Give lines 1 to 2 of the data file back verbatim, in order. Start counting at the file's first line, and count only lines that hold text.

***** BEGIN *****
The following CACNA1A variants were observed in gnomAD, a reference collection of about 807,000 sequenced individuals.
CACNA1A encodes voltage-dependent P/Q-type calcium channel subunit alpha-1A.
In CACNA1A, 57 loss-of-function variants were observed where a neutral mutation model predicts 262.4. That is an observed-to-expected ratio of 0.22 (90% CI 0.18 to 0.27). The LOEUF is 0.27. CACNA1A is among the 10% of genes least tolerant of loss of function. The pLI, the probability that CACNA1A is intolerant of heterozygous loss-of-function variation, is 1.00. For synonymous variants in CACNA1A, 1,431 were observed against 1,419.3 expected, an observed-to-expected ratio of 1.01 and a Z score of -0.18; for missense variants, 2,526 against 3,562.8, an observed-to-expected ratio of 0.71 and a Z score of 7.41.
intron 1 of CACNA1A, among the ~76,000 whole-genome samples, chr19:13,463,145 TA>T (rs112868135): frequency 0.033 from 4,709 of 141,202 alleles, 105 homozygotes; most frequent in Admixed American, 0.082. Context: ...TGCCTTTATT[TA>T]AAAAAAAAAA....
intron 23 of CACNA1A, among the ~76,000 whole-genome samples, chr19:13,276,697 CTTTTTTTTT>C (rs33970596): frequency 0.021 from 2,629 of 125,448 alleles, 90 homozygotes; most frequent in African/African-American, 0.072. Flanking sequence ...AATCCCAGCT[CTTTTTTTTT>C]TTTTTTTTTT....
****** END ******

The following CACNA1A variants were observed in gnomAD, a reference collection of about 807,000 sequenced individuals.
CACNA1A encodes voltage-dependent P/Q-type calcium channel subunit alpha-1A.